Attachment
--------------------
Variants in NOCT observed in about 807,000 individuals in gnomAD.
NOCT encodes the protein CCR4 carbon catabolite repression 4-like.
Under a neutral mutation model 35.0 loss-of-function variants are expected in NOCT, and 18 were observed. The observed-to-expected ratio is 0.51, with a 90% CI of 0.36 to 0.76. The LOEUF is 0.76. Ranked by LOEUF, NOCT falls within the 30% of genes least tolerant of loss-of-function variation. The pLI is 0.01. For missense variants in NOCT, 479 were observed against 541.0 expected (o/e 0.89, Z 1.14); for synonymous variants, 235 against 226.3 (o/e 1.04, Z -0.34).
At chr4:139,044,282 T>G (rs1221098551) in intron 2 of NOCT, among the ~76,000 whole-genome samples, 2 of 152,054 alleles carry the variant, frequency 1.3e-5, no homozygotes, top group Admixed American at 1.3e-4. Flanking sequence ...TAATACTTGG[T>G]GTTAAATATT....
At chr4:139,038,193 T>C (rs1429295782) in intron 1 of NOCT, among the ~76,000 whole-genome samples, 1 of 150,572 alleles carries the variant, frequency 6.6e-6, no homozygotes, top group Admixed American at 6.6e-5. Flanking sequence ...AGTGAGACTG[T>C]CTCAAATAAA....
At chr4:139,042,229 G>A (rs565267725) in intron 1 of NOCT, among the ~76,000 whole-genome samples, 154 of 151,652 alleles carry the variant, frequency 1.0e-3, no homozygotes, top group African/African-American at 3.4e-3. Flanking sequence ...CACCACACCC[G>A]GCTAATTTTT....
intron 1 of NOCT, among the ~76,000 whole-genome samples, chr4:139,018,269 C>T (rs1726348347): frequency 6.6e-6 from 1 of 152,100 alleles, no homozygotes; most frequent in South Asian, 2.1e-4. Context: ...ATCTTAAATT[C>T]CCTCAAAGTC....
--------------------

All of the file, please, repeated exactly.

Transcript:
Variants in NOCT observed in about 807,000 individuals in gnomAD.
NOCT encodes the protein CCR4 carbon catabolite repression 4-like.
Under a neutral mutation model 35.0 loss-of-function variants are expected in NOCT, and 18 were observed. The observed-to-expected ratio is 0.51, with a 90% CI of 0.36 to 0.76. The LOEUF is 0.76. Ranked by LOEUF, NOCT falls within the 30% of genes least tolerant of loss-of-function variation. The pLI is 0.01. For missense variants in NOCT, 479 were observed against 541.0 expected (o/e 0.89, Z 1.14); for synonymous variants, 235 against 226.3 (o/e 1.04, Z -0.34).
At chr4:139,044,282 T>G (rs1221098551) in intron 2 of NOCT, among the ~76,000 whole-genome samples, 2 of 152,054 alleles carry the variant, frequency 1.3e-5, no homozygotes, top group Admixed American at 1.3e-4. Flanking sequence ...TAATACTTGG[T>G]GTTAAATATT....
At chr4:139,038,193 T>C (rs1429295782) in intron 1 of NOCT, among the ~76,000 whole-genome samples, 1 of 150,572 alleles carries the variant, frequency 6.6e-6, no homozygotes, top group Admixed American at 6.6e-5. Flanking sequence ...AGTGAGACTG[T>C]CTCAAATAAA....
At chr4:139,042,229 G>A (rs565267725) in intron 1 of NOCT, among the ~76,000 whole-genome samples, 154 of 151,652 alleles carry the variant, frequency 1.0e-3, no homozygotes, top group African/African-American at 3.4e-3. Flanking sequence ...CACCACACCC[G>A]GCTAATTTTT....
intron 1 of NOCT, among the ~76,000 whole-genome samples, chr4:139,018,269 C>T (rs1726348347): frequency 6.6e-6 from 1 of 152,100 alleles, no homozygotes; most frequent in South Asian, 2.1e-4. Context: ...ATCTTAAATT[C>T]CCTCAAAGTC....